In a scenario where Parker is asking for a big contract, Stefanie Dolson is the obvious player to move. Dolson will be on the final year of a $175,000 contract and plays the same position as Parker.
The veteran big is a key presence in Chicago’s locker room, but she averaged a career low in minutes last year. A foot injury that kept Dolson out for much of the first half of the season contributed to that, but the 6’5 center is now three seasons removed from her All-Star year in 2017. With Parker proving herself as a starting-caliber player, and Stevens showing herself to be a suitable front court partner, Wade is best off prioritizing Parker, if necessary.
Again, Parker has been vocal in wanting to re-sign with the Sky and this all assumes Parker is looking for big money. Returning to the Sky provides Parker a system she’s already comfortable with and a job that’s hers to lose. She could choose to accept a one year deal with Chicago for 2021 and then get her payday in 2022 when Chicago’s books open up again, especially if she continues her upward trajectory.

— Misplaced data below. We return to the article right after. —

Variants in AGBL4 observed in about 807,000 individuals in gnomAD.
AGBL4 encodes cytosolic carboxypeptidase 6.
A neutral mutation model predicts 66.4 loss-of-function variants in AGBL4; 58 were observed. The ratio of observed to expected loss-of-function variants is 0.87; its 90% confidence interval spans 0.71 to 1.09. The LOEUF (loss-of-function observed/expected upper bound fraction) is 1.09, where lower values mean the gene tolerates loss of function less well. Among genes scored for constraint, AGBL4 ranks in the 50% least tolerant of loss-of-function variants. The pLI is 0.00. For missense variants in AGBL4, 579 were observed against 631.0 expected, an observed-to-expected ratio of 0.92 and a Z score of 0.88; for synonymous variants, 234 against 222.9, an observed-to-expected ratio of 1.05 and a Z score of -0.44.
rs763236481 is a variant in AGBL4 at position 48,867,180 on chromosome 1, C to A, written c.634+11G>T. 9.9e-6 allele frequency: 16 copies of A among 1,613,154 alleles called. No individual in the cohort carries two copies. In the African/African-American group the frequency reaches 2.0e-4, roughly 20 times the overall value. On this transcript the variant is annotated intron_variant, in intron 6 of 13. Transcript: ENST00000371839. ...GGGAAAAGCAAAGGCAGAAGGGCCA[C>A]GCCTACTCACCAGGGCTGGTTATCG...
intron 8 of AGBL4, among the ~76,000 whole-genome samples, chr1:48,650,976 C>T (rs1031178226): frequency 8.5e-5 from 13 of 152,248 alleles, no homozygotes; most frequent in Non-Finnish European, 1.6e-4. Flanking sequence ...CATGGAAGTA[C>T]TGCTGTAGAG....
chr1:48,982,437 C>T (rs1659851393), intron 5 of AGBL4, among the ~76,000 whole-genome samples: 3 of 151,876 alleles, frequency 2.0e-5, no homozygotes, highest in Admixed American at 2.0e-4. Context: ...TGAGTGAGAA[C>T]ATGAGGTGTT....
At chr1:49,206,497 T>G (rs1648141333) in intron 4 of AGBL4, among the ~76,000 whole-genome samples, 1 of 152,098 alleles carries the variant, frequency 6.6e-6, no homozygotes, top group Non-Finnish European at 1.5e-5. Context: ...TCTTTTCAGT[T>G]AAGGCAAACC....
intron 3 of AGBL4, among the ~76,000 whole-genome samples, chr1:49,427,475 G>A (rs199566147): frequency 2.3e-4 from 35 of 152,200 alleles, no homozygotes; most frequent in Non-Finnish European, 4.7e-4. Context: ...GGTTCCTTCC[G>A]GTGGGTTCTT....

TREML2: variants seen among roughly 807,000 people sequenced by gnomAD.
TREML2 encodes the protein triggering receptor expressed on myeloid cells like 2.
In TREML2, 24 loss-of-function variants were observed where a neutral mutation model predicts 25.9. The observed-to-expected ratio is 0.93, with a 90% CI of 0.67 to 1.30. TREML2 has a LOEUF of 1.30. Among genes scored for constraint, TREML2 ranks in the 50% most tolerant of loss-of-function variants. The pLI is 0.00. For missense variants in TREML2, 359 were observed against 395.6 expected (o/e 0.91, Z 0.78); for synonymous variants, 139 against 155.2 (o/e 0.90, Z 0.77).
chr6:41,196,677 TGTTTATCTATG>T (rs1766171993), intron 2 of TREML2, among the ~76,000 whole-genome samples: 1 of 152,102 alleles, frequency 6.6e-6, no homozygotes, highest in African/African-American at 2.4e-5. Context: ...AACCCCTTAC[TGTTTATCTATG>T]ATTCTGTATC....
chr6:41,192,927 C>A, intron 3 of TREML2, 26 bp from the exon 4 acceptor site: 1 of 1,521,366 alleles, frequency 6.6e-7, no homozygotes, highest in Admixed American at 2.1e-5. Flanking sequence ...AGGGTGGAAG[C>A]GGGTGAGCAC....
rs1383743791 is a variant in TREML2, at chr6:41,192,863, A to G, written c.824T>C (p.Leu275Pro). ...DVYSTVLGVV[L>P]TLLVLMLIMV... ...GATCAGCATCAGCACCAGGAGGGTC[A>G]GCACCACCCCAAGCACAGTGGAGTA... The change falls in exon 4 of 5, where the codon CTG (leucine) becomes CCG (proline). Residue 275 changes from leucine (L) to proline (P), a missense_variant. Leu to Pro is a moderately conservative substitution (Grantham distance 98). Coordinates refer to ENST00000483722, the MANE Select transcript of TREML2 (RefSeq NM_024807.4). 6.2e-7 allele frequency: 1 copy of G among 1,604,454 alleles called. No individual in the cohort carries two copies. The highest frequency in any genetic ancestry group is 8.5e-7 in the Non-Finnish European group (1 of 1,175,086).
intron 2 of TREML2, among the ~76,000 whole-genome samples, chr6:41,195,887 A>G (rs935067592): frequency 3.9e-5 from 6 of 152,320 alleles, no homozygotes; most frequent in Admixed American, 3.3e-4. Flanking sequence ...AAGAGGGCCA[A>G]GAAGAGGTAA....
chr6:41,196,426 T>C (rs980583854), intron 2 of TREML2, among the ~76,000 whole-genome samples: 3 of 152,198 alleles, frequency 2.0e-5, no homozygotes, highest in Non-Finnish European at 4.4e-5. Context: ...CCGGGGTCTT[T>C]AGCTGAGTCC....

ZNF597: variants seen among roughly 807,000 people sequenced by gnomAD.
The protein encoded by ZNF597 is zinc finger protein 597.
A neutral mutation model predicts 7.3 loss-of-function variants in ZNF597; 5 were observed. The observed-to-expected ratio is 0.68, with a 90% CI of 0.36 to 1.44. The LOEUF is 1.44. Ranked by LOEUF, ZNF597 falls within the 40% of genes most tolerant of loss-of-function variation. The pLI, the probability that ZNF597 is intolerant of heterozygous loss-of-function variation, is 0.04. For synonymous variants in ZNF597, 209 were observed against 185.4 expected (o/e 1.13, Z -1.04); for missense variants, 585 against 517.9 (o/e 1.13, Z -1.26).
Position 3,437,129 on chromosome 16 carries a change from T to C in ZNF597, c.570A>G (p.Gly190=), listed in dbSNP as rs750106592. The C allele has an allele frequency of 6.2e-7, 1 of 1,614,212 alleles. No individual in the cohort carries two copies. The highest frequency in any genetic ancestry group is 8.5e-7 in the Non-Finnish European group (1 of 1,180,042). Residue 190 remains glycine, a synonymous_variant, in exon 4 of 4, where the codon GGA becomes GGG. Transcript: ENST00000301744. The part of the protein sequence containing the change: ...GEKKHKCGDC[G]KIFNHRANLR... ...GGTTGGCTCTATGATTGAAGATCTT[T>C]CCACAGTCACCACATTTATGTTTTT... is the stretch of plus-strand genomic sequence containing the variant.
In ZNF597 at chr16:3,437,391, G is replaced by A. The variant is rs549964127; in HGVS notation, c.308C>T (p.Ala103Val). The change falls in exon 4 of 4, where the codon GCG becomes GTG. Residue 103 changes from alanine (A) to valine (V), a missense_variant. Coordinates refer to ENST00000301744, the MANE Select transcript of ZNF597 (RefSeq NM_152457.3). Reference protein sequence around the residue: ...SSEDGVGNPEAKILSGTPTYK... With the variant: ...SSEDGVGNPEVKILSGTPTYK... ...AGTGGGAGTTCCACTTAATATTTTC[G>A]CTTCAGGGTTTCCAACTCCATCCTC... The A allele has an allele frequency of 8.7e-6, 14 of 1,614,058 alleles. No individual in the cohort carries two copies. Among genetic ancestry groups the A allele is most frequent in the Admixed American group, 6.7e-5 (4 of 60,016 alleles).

If Chicago doesn’t have to open up money to re-sign Parker, expect Dolson to return as well. Unless Wade can snare a mid-level, defensive-minded free agent in a trade or with the extra cap space, Dolson’s value as a reliable backup is worth hanging onto.
Quick note: rookie Stella Johnson, who Chicago signed while Sydney Colson was recovering from COVID-19, did not finish the year with the Sky. She was waived by Chicago once Colson joined the team and then immediately signed with the Mystics, where she became a viable role player.
Alisia Jenkins also did not end the season in a Sky uniform, signing with Phoenix in early September after her seven-day contract with Chicago ended.
Chicago signed Alexis Prince to help fill in their roster gap caused by injury. Prince was on the Sky’s training camp roster, but didn’t get a chance to fight for a spot due to the pandemic-shortened off season. She could return in 2021, but like Chicago’s other forwards, breaking the Sky’s front court rotation could be a long shot.
Wade and his staff certainly like Sydney Colson and what she brings to the table: a pass-first guard who is more defensive minded than her back court counterparts. She also happens to be a strong locker room presence and an experienced vet.